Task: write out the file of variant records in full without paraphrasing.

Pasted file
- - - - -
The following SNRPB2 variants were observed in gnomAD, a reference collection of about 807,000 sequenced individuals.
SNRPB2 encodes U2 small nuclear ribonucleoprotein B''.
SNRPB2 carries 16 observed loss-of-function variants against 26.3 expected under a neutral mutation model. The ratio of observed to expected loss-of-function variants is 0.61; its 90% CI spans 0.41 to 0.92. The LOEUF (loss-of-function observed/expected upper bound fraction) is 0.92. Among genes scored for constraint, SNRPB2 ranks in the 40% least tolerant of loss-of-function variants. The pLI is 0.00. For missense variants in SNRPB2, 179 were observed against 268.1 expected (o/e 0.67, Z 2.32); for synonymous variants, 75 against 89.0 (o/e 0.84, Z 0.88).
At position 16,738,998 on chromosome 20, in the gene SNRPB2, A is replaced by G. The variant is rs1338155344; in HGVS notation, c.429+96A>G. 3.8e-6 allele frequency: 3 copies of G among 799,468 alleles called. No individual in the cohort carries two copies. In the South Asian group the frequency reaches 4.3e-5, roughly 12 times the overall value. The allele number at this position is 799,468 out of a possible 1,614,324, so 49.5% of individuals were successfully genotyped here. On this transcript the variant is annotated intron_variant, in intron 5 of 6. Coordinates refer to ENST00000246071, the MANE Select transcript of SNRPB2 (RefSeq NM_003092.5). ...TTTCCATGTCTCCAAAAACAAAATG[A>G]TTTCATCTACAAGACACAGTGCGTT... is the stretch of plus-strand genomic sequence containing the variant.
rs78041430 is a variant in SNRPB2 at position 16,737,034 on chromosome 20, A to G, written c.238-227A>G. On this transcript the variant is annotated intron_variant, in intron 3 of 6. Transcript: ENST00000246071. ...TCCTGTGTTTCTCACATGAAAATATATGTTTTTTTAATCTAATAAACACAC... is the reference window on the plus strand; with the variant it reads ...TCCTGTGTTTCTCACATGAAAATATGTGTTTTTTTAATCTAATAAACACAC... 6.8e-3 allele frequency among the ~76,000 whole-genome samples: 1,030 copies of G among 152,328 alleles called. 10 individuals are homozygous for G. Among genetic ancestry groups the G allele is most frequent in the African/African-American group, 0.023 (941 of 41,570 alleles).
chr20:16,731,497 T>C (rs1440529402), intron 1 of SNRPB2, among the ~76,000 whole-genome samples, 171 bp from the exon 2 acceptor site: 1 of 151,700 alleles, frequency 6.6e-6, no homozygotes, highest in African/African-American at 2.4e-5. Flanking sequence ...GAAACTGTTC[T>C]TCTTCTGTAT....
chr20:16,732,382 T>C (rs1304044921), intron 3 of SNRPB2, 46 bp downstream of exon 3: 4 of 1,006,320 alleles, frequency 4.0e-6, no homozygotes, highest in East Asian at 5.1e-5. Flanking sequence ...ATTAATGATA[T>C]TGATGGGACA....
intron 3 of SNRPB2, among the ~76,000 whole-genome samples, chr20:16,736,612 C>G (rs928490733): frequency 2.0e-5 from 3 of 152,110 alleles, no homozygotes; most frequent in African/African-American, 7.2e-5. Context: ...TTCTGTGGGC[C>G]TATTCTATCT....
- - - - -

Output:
The following SNRPB2 variants were observed in gnomAD, a reference collection of about 807,000 sequenced individuals.
SNRPB2 encodes U2 small nuclear ribonucleoprotein B''.
SNRPB2 carries 16 observed loss-of-function variants against 26.3 expected under a neutral mutation model. The ratio of observed to expected loss-of-function variants is 0.61; its 90% CI spans 0.41 to 0.92. The LOEUF (loss-of-function observed/expected upper bound fraction) is 0.92. Among genes scored for constraint, SNRPB2 ranks in the 40% least tolerant of loss-of-function variants. The pLI is 0.00. For missense variants in SNRPB2, 179 were observed against 268.1 expected (o/e 0.67, Z 2.32); for synonymous variants, 75 against 89.0 (o/e 0.84, Z 0.88).
At position 16,738,998 on chromosome 20, in the gene SNRPB2, A is replaced by G. The variant is rs1338155344; in HGVS notation, c.429+96A>G. 3.8e-6 allele frequency: 3 copies of G among 799,468 alleles called. No individual in the cohort carries two copies. In the South Asian group the frequency reaches 4.3e-5, roughly 12 times the overall value. The allele number at this position is 799,468 out of a possible 1,614,324, so 49.5% of individuals were successfully genotyped here. On this transcript the variant is annotated intron_variant, in intron 5 of 6. Coordinates refer to ENST00000246071, the MANE Select transcript of SNRPB2 (RefSeq NM_003092.5). ...TTTCCATGTCTCCAAAAACAAAATG[A>G]TTTCATCTACAAGACACAGTGCGTT... is the stretch of plus-strand genomic sequence containing the variant.
rs78041430 is a variant in SNRPB2 at position 16,737,034 on chromosome 20, A to G, written c.238-227A>G. On this transcript the variant is annotated intron_variant, in intron 3 of 6. Transcript: ENST00000246071. ...TCCTGTGTTTCTCACATGAAAATATATGTTTTTTTAATCTAATAAACACAC... is the reference window on the plus strand; with the variant it reads ...TCCTGTGTTTCTCACATGAAAATATGTGTTTTTTTAATCTAATAAACACAC... 6.8e-3 allele frequency among the ~76,000 whole-genome samples: 1,030 copies of G among 152,328 alleles called. 10 individuals are homozygous for G. Among genetic ancestry groups the G allele is most frequent in the African/African-American group, 0.023 (941 of 41,570 alleles).
chr20:16,731,497 T>C (rs1440529402), intron 1 of SNRPB2, among the ~76,000 whole-genome samples, 171 bp from the exon 2 acceptor site: 1 of 151,700 alleles, frequency 6.6e-6, no homozygotes, highest in African/African-American at 2.4e-5. Flanking sequence ...GAAACTGTTC[T>C]TCTTCTGTAT....
chr20:16,732,382 T>C (rs1304044921), intron 3 of SNRPB2, 46 bp downstream of exon 3: 4 of 1,006,320 alleles, frequency 4.0e-6, no homozygotes, highest in East Asian at 5.1e-5. Flanking sequence ...ATTAATGATA[T>C]TGATGGGACA....
intron 3 of SNRPB2, among the ~76,000 whole-genome samples, chr20:16,736,612 C>G (rs928490733): frequency 2.0e-5 from 3 of 152,110 alleles, no homozygotes; most frequent in African/African-American, 7.2e-5. Context: ...TTCTGTGGGC[C>G]TATTCTATCT....